Ditty Bags

Since it felt like spring today I actually started messing around with the boats, getting ready to launch the motorboat for some spring clamming and not looking forward to launching and rigging the new boat (more on that later). Boat work means dragging out the tools, so out came the ditty bag. I don’t know the etymology of the word “ditty” – but there is a good treatise on the subject by Louis Bartos, an Alaskan sailmarker. Clifford Ashley wrote about them, and gives instructions on how to make one. Some of the eyelet work and draw-string/ handle/lanyard knots cited by Ashley are very creative works of art.

As a kid learning sailing I was impressed when the sailing instructors and grown-ups came down to the beach with their ditty bags – canvas totes filled with tools for working on the rigging of boats. Bob Boden, John Peck, and some of the saltier people in the village had very well stocked ditty bags. At a minimum, a good rigger’s kit consists of:

  • A block of beeswax for waxing linen thread used in whipping, or finishing lines (aka ropes)
  • A fid, or marlinespike, for forcing open the strands of a line when splicing
  • A rigging knife – generally a blunt tipped, fairly stout blade, often with a marlinespike included
  • A sailor’s palm: a leather strap with a thumb hole and a metal base, think of a industrial thimble for pushing needles
  • Sailmaker needles: very big, sometimes three-sided, kept in a old tobacco tin with a cotton ball soaked in 3-in-1 oil to keep them from rusting
  • Marline – tarred twine that smells like nothing else in the world. Marline is the most salty, nautical smell I can think of. Lapsang Souchong tea tastes like marline smells.

I load my ditty bag up with some additional tools, including a special fid for splicing braided lines, an awl, a swaging tool for compressing wire cable sleeves, rubber mallet, and a small compartmentalized box filled with cotter pins, washers, and assorted stainless steel and silicon bronze hardware for random boat repairs. I use a canvas bag I bought from my local sailmaker, Squeateague Sailmakers in Cataumet near Buzzard’s Bay. It was made in India for Green Mountain Products, and is basically a white, mildewed rectangular tote with leather sewn around the handles and a ton of outside sleeves and pockets for easy access to tools and stuff. I use it a few times a year, when I need to splice lines, rig boats, or feel salty.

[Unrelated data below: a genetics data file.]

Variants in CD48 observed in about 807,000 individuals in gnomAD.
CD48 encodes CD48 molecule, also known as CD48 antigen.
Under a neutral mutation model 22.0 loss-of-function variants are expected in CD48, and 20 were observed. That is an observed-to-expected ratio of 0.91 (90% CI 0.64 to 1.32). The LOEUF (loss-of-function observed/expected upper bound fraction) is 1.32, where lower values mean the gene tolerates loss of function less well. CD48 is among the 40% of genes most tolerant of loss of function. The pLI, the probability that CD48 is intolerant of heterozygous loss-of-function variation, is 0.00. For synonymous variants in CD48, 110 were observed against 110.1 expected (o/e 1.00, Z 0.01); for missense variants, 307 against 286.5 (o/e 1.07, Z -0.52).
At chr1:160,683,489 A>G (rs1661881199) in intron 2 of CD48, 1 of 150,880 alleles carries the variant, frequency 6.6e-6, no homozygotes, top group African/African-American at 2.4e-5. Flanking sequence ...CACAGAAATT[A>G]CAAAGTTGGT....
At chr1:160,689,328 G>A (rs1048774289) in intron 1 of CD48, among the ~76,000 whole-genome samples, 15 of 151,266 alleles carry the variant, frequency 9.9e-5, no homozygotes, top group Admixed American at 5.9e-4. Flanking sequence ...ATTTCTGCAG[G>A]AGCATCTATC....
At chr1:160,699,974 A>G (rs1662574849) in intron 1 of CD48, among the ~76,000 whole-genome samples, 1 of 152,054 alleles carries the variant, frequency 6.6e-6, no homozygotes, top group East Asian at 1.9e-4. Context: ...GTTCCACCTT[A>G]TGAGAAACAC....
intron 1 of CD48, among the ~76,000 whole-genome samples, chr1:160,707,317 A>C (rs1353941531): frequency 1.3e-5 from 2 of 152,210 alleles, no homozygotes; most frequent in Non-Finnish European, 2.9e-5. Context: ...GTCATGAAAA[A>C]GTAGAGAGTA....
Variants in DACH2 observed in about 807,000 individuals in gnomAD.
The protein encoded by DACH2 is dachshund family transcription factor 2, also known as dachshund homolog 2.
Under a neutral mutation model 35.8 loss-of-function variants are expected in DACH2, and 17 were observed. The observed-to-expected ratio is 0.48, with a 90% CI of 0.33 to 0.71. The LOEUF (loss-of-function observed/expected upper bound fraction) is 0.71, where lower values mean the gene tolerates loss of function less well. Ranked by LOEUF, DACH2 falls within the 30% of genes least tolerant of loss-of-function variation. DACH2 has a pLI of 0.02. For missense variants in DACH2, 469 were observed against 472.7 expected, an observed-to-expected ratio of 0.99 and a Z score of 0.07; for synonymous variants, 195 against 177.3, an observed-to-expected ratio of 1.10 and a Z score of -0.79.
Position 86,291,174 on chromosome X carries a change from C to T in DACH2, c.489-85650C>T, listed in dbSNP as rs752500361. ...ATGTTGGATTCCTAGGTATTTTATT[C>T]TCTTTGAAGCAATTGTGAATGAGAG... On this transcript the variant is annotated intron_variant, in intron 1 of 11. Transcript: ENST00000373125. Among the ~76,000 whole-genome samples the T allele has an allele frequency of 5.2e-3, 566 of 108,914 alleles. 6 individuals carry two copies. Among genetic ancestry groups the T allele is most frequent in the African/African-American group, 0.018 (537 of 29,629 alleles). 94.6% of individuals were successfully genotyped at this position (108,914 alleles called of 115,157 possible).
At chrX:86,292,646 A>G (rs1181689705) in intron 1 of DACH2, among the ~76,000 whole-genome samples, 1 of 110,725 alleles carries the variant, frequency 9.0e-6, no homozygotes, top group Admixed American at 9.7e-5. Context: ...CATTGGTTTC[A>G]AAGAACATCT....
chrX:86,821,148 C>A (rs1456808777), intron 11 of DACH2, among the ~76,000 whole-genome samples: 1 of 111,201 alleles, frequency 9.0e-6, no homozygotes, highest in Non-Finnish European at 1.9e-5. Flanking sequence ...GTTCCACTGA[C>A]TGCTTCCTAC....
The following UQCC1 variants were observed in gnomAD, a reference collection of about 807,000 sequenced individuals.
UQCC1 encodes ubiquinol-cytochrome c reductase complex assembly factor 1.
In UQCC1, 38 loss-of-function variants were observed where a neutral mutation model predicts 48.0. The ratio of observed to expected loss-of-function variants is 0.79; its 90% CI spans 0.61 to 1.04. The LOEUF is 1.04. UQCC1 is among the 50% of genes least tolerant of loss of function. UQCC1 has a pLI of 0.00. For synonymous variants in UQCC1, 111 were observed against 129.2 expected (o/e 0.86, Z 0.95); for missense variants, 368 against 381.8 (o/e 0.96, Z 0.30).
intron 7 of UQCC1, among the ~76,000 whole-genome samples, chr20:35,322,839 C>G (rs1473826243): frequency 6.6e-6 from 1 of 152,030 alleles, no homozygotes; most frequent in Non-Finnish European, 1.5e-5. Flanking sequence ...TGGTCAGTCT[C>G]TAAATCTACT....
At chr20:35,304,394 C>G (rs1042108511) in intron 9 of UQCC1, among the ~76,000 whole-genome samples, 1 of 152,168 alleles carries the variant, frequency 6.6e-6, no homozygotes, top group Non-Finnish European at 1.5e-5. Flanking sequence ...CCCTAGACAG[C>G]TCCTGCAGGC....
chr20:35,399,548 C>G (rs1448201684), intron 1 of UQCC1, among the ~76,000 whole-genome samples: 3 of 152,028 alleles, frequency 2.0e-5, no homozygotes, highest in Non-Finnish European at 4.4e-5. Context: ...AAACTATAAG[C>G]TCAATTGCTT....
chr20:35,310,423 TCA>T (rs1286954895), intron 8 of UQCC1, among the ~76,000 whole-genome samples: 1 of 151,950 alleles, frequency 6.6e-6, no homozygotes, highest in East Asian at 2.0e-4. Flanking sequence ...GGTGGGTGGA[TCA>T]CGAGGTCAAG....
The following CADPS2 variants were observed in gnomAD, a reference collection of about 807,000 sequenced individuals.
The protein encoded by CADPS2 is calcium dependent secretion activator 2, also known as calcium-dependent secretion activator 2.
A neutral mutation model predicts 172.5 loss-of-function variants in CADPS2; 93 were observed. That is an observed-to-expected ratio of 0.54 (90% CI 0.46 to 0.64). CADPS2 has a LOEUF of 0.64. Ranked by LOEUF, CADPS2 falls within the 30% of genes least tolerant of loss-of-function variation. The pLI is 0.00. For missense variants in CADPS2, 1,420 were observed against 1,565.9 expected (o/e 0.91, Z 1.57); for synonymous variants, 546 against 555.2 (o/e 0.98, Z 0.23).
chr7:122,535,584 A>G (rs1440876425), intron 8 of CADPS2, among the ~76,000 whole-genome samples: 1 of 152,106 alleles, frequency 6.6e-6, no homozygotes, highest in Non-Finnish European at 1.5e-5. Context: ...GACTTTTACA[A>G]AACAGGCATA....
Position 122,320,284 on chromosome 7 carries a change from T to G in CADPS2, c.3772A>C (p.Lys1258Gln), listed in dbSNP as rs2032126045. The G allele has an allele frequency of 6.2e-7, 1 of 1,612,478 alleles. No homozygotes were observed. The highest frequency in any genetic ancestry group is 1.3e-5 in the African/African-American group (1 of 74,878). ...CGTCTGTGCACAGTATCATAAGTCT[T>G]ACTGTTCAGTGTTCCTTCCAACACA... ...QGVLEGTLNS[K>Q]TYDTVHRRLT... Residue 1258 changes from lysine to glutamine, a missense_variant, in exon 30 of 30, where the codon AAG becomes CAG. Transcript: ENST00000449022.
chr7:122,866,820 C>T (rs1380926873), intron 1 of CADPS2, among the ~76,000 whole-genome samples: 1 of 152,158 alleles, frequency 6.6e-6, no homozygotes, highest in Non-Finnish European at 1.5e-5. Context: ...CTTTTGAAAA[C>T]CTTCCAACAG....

Last winter, at a local boat builders’ boatshow in Hyannis, I couldn’t resist picking up a new bag, one of the more clever conveyances I’ve ever seen. This is a Nantucket “Diddy Bagg“, The owner of the company was pretty enthusiastic and did a great demonstration of how the bag could be converted into nearly a dozen different configurations. I bought one on the spot, but have yet to do anything with it. It reminds me of that children’s book when the kangaroo needed more pockets and the man made her an apron with tons of little places to tuck stuff away. As they old timers said, “A place for everything and everything in its place.”